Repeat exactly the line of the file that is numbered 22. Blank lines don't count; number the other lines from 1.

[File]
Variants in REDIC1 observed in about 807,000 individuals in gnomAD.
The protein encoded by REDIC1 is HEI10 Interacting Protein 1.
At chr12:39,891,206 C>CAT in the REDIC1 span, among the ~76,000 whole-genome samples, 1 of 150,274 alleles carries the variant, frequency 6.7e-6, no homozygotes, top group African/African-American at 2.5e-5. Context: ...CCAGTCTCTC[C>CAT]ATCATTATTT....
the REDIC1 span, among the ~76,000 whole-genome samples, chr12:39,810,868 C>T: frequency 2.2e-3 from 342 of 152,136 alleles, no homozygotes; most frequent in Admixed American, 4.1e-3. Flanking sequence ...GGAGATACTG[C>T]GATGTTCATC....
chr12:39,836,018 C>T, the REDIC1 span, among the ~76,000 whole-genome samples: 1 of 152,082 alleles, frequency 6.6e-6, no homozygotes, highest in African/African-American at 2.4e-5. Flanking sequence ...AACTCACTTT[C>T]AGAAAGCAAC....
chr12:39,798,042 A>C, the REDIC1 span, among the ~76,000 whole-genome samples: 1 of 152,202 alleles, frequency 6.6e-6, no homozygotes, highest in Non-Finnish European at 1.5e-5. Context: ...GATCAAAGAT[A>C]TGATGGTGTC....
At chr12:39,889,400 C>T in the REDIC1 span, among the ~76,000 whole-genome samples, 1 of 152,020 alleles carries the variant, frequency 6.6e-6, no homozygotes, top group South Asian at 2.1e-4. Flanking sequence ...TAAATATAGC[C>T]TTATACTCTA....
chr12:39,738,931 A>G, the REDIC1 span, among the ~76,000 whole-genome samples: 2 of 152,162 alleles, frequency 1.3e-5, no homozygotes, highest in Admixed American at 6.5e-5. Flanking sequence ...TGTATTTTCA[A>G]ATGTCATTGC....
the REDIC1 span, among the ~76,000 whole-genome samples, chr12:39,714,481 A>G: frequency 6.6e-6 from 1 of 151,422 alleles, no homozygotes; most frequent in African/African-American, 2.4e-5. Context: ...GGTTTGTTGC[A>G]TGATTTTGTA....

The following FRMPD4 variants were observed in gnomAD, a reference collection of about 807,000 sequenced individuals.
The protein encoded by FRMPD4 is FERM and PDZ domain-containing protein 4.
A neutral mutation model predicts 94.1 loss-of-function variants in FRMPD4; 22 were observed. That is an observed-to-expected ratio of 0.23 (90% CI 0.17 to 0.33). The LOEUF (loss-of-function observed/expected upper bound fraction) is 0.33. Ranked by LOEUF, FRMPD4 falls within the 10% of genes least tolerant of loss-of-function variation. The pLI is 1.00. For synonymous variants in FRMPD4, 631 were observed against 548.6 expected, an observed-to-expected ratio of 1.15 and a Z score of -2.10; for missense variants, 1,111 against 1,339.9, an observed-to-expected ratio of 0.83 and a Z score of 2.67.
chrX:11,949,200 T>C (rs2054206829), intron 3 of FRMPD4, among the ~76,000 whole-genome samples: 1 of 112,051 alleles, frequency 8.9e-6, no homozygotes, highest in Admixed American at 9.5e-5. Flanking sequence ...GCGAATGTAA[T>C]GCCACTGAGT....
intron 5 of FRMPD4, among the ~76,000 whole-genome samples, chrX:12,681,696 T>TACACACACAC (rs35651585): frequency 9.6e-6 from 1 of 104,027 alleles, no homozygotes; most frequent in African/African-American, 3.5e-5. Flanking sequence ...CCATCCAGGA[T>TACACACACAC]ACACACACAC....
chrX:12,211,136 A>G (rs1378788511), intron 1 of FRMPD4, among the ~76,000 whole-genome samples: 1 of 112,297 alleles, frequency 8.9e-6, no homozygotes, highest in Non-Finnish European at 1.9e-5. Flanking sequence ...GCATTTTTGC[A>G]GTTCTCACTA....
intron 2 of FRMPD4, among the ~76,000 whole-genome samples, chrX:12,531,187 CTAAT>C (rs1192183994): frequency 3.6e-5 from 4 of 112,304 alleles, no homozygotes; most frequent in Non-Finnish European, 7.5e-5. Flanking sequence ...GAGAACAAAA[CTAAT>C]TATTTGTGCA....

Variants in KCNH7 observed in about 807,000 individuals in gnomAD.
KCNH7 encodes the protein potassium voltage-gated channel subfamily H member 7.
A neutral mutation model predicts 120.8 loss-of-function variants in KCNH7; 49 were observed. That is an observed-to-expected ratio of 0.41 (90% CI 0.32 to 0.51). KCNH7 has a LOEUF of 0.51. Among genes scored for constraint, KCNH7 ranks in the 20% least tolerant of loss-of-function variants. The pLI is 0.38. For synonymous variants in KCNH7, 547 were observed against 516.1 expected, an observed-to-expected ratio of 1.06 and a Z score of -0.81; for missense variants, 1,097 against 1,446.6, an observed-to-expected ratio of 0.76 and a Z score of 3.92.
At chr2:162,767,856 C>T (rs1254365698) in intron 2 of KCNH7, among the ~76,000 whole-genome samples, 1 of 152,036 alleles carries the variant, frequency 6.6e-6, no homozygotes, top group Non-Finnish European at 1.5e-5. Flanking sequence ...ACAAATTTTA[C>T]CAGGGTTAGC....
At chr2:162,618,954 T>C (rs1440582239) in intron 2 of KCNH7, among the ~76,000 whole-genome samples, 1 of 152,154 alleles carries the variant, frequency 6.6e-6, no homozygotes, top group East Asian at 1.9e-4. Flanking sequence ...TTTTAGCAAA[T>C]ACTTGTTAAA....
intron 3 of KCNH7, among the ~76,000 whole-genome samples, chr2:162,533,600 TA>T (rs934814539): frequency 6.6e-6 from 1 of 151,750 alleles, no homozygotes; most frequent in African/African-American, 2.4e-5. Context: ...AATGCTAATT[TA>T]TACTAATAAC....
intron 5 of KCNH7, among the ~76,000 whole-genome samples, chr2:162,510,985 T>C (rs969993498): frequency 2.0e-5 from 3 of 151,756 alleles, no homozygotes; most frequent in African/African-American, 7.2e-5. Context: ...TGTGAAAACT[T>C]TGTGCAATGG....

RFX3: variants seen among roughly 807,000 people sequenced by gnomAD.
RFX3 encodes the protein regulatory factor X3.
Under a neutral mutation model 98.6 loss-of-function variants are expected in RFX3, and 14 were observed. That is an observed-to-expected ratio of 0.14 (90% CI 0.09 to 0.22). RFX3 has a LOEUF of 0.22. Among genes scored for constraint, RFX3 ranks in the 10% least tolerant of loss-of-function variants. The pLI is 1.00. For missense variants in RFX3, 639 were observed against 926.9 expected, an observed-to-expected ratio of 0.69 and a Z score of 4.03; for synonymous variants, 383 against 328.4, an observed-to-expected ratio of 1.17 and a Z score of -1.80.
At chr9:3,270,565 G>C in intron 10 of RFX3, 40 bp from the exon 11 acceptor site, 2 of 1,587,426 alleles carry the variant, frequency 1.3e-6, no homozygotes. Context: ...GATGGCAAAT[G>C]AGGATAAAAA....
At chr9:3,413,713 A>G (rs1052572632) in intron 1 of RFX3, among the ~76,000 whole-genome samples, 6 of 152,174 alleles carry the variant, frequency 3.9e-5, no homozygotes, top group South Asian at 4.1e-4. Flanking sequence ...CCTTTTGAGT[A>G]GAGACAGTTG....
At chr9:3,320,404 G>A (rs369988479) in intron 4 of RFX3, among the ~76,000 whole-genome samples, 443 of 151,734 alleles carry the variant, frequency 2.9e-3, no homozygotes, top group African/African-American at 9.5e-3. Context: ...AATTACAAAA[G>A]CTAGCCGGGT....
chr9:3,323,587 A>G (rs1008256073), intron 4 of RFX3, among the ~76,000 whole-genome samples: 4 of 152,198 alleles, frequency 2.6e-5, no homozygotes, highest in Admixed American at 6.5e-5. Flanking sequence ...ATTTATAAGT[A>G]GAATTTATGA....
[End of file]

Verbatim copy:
intron 3 of KCNH7, among the ~76,000 whole-genome samples, chr2:162,533,600 TA>T (rs934814539): frequency 6.6e-6 from 1 of 151,750 alleles, no homozygotes; most frequent in African/African-American, 2.4e-5. Context: ...AATGCTAATT[TA>T]TACTAATAAC....